> reflect its main use for nucleic acid alignments, even though it can be
> used for proteins).  Then someone else might write a module more focusing
> on protein needs called Bio::Seq::ProtAln.  Eventually, it may be possible
> to merge the objects to form a Bio::Seq::Aln.  Alternatively, one of them
> might grow dominant and its name could be changed to Bio::Seq::Aln (while
> old code would go on unaffected by the name change).
                       ^^^^^^^^^^^^I doubt that;)

Bio::NucAln would be ok, but _first_ let's check whether Bio::Aln
is really bad for Protein data. I doubt this very much !

> What do people think?  In terms of code-change, it should just mean
> changing the Makefile.PL and the package line in the module.
> As noted, I didnt spend as much time combing through the code of
> Bio::Seq::Aln.  All of my noted are on paper that Im mailing to Georg.
Looking forward !

> -=-=-
> A general note for both pieces of code is that we should assume that
> people will use the bioperl routines just like theyd use anything else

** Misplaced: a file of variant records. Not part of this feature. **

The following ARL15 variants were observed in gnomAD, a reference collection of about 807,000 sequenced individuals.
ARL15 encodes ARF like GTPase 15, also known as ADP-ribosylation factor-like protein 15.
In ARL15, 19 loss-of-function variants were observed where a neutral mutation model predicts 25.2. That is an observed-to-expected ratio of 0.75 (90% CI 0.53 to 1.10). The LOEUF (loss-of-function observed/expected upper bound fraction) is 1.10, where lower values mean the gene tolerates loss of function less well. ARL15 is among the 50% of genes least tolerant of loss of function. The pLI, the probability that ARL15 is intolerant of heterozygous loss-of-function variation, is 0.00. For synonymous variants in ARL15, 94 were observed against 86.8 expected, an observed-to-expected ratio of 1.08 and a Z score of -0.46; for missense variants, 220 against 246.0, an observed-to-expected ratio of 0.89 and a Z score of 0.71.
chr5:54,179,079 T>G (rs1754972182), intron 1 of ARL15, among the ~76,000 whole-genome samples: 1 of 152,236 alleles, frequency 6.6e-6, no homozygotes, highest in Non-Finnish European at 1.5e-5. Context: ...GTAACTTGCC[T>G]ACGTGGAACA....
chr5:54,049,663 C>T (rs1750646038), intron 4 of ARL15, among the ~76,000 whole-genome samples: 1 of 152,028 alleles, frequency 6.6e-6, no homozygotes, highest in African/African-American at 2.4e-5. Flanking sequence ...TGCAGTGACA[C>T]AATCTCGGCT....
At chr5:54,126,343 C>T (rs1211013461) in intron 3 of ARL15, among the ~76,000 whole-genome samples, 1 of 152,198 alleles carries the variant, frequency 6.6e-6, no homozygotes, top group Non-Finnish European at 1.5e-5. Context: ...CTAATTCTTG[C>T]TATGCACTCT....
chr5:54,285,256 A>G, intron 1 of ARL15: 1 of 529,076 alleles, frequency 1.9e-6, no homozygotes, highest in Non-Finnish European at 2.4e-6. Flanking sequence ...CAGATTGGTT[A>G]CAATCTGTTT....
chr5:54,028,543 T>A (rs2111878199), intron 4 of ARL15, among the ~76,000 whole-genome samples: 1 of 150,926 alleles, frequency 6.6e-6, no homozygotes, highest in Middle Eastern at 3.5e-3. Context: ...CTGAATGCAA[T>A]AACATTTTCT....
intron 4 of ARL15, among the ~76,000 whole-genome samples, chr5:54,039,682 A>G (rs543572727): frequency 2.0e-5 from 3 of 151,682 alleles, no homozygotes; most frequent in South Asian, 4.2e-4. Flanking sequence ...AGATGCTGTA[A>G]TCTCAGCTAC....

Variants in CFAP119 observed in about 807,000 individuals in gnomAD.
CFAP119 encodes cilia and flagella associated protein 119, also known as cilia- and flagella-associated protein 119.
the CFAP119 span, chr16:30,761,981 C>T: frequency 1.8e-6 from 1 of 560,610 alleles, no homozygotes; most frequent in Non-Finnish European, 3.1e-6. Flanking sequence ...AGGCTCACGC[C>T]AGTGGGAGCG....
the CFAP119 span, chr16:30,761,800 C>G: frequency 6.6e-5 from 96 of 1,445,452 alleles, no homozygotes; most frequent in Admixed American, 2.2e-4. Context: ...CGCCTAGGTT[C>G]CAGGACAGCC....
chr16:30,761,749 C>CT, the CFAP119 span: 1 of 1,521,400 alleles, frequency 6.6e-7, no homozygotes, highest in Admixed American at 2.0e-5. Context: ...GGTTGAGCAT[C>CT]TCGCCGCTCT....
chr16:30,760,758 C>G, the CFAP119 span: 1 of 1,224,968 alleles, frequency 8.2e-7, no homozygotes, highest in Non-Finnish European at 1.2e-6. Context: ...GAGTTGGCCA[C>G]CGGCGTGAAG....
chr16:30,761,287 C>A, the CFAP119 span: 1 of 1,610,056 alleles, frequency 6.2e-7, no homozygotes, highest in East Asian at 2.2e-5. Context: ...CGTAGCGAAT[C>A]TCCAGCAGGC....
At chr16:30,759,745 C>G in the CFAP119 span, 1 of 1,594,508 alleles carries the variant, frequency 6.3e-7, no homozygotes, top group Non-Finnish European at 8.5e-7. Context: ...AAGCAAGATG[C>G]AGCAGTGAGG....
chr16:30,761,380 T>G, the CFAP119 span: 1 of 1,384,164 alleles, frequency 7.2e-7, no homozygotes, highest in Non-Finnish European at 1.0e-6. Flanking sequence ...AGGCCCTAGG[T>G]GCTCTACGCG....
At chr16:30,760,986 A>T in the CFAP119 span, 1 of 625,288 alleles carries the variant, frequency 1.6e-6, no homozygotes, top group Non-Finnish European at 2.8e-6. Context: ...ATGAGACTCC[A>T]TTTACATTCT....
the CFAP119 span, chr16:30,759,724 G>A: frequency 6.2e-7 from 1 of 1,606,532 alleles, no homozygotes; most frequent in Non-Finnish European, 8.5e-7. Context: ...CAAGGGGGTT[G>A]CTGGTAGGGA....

> from CPAN.  That is, they will download it and install it in the default
> way by just saying perl Makefile.PL; make all; make test; make install.
> Users should never be expected to edit the files.  Additional
> documentation about use lib is ok for people who might not have access to
> the system site_perl directory, but the INSTALLDIR notes are likely to be
> confusing and unhelpful. 
> Further, since people should not ever edit the modules, code which relies
> on external items (e.g., PGPLOT; ReadSeq) should be in a separate module
> file.  My feeling is that there should be a separate ReadSeq module which
> does nothing but provide a wrapper around the ReadSeq routines.

ok; I can give this make stuff another try, although I find it's an
unpleasant aspect of Perl, contrary to the original intent of just
having .pm files, and everything works ok and is simple...
also reflects that resentment, and the offerings -re-
``Building Related Perl Modules'' and
``Testing a module from a Perl program'' made me feel uneasy.
But as the page's author says, ``You get used to it. Really.'' Oh well.
Maybe you've got better recommandations than the ones on that page ?

> Steve
> P.S.  The Bio::Seq module on Georgs site seems to be corrupted; I couldnt

Which one ??
Actually, both are NOT on my site; Chris is offering 2 tar files, and for one 
of them, Netscape may remove the .gz without unzipping the file...
Or ? Chris, pls check !

> untar, uncompress, or gunzip it.  The one from Chriss site worked fine.
> P.P.S.  PLEASE, as soon as possible, send me the postal addresses to which
> my written comments should be sent.

See above..
best wishes,